Why do we have chocolate eggs at Easter and hide hard boiled eggs for children to find? What’s a bunny got to do with Easter?
There is some evidence to show that Easter eggs originated from Medieval Europe and Christians may not have actually been the ones to start the tradition of giving eggs – a symbol of new life, fertility and rebirth in many cultures. Some claim that the word Easter derives from Eostre, a pagan goddess of spring and fertility.
According to folklore, Eostre found a bird dying from the cold and turned it into a rabbit so its fur would keep it warm – but that rabbit still laid eggs like a bird. In one version of this story the rabbit decorates the eggs as a present for Eostre to show love and gratitude. Throughout history people across the world have given each other eggs at spring festivals to mark the seasons. Early Christians in Mesopotamia dyed eggs in the period after Easter. The practice was adopted by the Orthodox Churches and from there it spread into Western Europe. Eggs represent new life and rebirth and it’s thought that this ancient custom was absorbed into Easter celebrations.
Easter is a serious religious festival for Christians, but children have been instrumental in making it fun for themselves. Every Easter many children take part in Easter egg hunts. For some it is a family game, but sometimes a more public event in parks and churches. The custom of the Easter egg hunt, however, comes from Germany. Some suggest that its origins date back to the late 16th century when the Protestant reformer Martin Luther organised egg hunts for his congregation. The men would hide the eggs for women and children to find. This was meant to relate to the story of the resurrection in which the empty tomb was discovered by women. Queen Victoria and Prince Albert continued this German tradition and popularised it in Britain.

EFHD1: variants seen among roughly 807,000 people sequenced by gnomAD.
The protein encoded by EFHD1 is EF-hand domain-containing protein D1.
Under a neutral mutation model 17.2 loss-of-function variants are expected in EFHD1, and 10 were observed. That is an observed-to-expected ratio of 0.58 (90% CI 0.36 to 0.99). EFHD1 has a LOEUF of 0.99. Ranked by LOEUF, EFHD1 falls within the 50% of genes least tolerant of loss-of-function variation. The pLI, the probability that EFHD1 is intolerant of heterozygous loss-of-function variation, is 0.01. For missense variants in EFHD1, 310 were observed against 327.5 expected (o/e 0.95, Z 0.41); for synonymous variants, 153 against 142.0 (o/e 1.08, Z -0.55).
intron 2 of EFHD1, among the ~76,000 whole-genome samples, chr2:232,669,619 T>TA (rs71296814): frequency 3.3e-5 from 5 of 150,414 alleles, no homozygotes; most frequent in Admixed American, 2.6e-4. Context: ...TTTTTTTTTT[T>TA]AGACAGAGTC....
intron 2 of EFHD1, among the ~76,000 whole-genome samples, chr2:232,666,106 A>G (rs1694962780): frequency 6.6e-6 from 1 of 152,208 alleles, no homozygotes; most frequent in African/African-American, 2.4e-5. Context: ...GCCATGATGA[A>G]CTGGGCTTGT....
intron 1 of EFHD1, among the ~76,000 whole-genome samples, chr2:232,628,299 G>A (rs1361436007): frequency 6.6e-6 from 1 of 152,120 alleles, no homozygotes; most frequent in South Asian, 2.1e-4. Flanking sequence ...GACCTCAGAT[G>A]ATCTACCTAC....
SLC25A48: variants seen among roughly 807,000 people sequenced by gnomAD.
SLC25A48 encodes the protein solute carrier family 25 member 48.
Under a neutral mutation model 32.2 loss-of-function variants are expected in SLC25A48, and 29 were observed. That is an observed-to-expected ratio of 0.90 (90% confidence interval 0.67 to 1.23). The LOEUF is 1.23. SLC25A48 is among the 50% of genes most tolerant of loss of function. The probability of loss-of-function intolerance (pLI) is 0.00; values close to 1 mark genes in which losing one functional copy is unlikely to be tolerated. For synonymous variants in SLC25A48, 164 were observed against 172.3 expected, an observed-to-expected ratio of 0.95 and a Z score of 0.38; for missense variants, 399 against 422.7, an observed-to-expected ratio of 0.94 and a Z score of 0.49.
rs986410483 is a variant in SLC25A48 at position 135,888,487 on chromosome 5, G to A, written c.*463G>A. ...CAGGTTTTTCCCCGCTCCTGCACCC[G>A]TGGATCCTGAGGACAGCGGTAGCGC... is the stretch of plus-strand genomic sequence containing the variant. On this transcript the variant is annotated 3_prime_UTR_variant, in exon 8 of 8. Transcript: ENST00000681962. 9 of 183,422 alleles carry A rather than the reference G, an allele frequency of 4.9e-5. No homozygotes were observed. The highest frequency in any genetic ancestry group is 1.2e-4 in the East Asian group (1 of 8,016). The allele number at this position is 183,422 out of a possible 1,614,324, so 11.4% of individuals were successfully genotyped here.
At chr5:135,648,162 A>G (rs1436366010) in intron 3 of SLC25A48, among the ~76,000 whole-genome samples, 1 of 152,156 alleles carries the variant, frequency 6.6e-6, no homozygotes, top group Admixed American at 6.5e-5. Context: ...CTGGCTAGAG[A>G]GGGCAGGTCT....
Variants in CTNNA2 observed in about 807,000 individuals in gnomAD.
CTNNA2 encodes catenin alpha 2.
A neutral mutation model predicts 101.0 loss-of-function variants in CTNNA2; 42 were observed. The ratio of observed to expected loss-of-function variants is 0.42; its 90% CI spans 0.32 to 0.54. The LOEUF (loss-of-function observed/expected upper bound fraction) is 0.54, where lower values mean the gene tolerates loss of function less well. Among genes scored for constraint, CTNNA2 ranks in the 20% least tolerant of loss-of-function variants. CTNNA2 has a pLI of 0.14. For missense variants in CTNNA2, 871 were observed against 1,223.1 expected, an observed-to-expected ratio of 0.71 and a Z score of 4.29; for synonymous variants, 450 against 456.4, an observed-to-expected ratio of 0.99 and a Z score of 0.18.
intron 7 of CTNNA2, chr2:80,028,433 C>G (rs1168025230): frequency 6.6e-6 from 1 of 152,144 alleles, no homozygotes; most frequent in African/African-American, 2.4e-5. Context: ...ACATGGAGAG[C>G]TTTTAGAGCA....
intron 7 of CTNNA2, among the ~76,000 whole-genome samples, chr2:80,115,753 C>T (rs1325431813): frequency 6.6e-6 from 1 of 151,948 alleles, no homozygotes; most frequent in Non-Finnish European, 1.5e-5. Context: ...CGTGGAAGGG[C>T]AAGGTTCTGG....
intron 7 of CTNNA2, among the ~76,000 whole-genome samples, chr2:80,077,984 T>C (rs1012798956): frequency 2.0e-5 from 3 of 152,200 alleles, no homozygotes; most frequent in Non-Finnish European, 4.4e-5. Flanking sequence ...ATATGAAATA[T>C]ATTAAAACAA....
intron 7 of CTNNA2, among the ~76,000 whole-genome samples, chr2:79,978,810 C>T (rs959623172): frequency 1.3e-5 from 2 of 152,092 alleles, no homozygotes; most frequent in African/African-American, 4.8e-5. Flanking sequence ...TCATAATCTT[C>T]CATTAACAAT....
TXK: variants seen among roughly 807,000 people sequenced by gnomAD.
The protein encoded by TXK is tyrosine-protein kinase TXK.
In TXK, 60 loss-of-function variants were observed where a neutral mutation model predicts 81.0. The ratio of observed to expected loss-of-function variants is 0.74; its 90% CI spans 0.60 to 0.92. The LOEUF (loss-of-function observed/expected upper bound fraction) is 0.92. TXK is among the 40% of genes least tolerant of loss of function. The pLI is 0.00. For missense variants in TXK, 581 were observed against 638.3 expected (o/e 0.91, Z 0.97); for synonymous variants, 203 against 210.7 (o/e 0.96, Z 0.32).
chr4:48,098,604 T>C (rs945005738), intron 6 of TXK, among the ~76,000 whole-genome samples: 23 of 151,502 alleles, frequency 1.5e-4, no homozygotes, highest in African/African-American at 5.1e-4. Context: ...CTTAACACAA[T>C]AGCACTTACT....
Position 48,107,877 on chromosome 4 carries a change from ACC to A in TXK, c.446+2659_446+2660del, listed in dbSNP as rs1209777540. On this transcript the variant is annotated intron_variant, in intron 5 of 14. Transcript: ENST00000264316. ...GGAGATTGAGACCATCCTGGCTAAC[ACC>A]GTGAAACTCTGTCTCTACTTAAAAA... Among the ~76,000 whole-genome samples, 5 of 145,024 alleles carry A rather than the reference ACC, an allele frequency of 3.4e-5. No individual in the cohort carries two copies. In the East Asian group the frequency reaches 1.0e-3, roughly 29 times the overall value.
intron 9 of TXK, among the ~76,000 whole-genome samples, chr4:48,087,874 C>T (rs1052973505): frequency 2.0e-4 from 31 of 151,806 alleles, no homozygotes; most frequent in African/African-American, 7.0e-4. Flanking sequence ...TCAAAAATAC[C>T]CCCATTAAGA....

Chocolate eggs first appeared in France and Germany in the early 19th century, but here in the UK it was Fry’s who produced the first chocolate Easter egg in 1873. Easter eggs and the egg hunt became more popular in mainstream England in the late 19th and early 20th centuries as society began to change. Family life became more of a priority for the expanding Victorian middle classes and they had more disposable income. The Victorians were also fascinated by old traditions. As a result Easter moved away from being a primarily religious and communal celebration and became more centred on family, home and the pleasures of children.
© The Claydons Parish Magazine